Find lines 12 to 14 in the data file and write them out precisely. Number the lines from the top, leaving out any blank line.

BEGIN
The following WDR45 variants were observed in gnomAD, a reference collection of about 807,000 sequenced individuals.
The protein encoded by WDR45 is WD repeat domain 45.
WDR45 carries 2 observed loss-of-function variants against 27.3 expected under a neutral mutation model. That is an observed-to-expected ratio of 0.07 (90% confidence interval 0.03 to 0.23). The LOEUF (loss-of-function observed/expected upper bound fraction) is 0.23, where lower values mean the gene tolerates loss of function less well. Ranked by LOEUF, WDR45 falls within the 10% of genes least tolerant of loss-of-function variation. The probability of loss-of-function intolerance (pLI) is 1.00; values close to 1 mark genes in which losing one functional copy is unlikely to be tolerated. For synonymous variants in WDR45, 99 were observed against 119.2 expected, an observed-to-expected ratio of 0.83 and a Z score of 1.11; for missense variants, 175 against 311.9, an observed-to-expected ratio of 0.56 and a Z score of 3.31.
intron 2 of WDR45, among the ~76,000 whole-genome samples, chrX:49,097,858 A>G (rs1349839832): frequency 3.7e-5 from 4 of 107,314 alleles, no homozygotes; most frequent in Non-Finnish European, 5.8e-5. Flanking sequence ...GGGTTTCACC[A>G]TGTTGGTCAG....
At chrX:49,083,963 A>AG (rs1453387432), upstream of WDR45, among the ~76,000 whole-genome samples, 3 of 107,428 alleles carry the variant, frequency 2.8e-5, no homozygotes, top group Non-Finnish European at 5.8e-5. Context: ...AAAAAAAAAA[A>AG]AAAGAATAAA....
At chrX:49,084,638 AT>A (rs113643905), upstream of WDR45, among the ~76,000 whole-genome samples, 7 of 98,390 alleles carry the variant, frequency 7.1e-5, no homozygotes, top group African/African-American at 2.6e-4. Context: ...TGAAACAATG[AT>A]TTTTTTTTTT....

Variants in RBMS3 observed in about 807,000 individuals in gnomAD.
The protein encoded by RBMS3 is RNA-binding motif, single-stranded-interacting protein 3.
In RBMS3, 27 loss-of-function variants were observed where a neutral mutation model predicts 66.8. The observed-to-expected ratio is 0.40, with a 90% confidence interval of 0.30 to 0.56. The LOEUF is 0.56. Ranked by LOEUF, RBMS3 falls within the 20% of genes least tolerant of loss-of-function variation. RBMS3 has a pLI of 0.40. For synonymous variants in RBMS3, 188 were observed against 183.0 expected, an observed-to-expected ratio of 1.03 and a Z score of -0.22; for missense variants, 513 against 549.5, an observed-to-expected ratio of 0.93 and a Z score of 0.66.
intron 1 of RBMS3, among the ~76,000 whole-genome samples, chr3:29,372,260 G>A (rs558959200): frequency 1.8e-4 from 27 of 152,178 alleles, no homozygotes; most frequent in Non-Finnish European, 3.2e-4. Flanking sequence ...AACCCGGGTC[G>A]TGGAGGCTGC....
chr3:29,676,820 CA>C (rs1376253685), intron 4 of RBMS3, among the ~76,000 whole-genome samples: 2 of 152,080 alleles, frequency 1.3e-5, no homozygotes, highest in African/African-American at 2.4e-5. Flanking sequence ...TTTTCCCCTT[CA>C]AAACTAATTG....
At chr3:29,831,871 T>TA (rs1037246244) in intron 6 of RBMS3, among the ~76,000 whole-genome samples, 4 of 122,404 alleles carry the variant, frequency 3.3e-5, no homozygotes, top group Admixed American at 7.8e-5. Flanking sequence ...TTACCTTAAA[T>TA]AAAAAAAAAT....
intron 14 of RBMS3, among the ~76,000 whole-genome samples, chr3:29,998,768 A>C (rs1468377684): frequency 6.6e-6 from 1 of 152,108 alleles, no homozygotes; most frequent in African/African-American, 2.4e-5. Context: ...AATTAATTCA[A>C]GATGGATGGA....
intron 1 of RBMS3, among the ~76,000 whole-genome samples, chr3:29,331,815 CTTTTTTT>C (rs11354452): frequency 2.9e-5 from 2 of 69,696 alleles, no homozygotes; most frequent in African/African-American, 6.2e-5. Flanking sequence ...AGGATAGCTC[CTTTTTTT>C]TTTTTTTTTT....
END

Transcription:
At chr3:29,831,871 T>TA (rs1037246244) in intron 6 of RBMS3, among the ~76,000 whole-genome samples, 4 of 122,404 alleles carry the variant, frequency 3.3e-5, no homozygotes, top group Admixed American at 7.8e-5. Flanking sequence ...TTACCTTAAA[T>TA]AAAAAAAAAT....
intron 14 of RBMS3, among the ~76,000 whole-genome samples, chr3:29,998,768 A>C (rs1468377684): frequency 6.6e-6 from 1 of 152,108 alleles, no homozygotes; most frequent in African/African-American, 2.4e-5. Context: ...AATTAATTCA[A>C]GATGGATGGA....
intron 1 of RBMS3, among the ~76,000 whole-genome samples, chr3:29,331,815 CTTTTTTT>C (rs11354452): frequency 2.9e-5 from 2 of 69,696 alleles, no homozygotes; most frequent in African/African-American, 6.2e-5. Flanking sequence ...AGGATAGCTC[CTTTTTTT>C]TTTTTTTTTT....